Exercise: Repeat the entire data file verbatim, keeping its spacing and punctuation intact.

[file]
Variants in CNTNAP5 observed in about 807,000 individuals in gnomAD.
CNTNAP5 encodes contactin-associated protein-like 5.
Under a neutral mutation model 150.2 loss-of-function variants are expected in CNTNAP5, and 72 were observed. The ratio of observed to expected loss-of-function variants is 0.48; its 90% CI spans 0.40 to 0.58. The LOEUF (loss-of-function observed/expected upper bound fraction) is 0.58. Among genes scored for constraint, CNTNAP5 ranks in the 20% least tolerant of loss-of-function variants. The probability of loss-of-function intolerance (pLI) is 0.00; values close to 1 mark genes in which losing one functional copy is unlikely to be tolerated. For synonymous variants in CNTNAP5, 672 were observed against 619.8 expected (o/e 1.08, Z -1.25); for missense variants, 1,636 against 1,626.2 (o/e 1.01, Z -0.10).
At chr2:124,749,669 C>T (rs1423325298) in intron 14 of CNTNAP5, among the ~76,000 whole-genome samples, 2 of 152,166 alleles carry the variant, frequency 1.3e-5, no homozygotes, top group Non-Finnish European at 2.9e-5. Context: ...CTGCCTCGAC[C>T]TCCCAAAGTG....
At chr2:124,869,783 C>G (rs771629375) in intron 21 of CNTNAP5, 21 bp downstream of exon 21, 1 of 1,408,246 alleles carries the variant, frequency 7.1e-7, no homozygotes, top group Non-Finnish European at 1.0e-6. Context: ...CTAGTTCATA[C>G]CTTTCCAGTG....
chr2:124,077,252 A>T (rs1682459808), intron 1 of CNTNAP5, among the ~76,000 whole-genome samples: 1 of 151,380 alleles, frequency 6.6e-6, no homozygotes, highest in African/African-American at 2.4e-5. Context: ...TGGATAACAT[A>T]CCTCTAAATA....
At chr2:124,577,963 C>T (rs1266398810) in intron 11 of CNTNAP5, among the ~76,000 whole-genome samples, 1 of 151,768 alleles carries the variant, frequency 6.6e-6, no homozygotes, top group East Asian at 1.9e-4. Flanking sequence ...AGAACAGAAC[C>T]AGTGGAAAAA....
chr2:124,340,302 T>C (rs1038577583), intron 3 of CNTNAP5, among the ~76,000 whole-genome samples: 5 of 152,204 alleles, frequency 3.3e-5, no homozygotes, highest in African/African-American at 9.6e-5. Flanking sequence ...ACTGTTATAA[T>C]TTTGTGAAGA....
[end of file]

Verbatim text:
Variants in CNTNAP5 observed in about 807,000 individuals in gnomAD.
CNTNAP5 encodes contactin-associated protein-like 5.
Under a neutral mutation model 150.2 loss-of-function variants are expected in CNTNAP5, and 72 were observed. The ratio of observed to expected loss-of-function variants is 0.48; its 90% CI spans 0.40 to 0.58. The LOEUF (loss-of-function observed/expected upper bound fraction) is 0.58. Among genes scored for constraint, CNTNAP5 ranks in the 20% least tolerant of loss-of-function variants. The probability of loss-of-function intolerance (pLI) is 0.00; values close to 1 mark genes in which losing one functional copy is unlikely to be tolerated. For synonymous variants in CNTNAP5, 672 were observed against 619.8 expected (o/e 1.08, Z -1.25); for missense variants, 1,636 against 1,626.2 (o/e 1.01, Z -0.10).
At chr2:124,749,669 C>T (rs1423325298) in intron 14 of CNTNAP5, among the ~76,000 whole-genome samples, 2 of 152,166 alleles carry the variant, frequency 1.3e-5, no homozygotes, top group Non-Finnish European at 2.9e-5. Context: ...CTGCCTCGAC[C>T]TCCCAAAGTG....
At chr2:124,869,783 C>G (rs771629375) in intron 21 of CNTNAP5, 21 bp downstream of exon 21, 1 of 1,408,246 alleles carries the variant, frequency 7.1e-7, no homozygotes, top group Non-Finnish European at 1.0e-6. Context: ...CTAGTTCATA[C>G]CTTTCCAGTG....
chr2:124,077,252 A>T (rs1682459808), intron 1 of CNTNAP5, among the ~76,000 whole-genome samples: 1 of 151,380 alleles, frequency 6.6e-6, no homozygotes, highest in African/African-American at 2.4e-5. Context: ...TGGATAACAT[A>T]CCTCTAAATA....
At chr2:124,577,963 C>T (rs1266398810) in intron 11 of CNTNAP5, among the ~76,000 whole-genome samples, 1 of 151,768 alleles carries the variant, frequency 6.6e-6, no homozygotes, top group East Asian at 1.9e-4. Flanking sequence ...AGAACAGAAC[C>T]AGTGGAAAAA....
chr2:124,340,302 T>C (rs1038577583), intron 3 of CNTNAP5, among the ~76,000 whole-genome samples: 5 of 152,204 alleles, frequency 3.3e-5, no homozygotes, highest in African/African-American at 9.6e-5. Flanking sequence ...ACTGTTATAA[T>C]TTTGTGAAGA....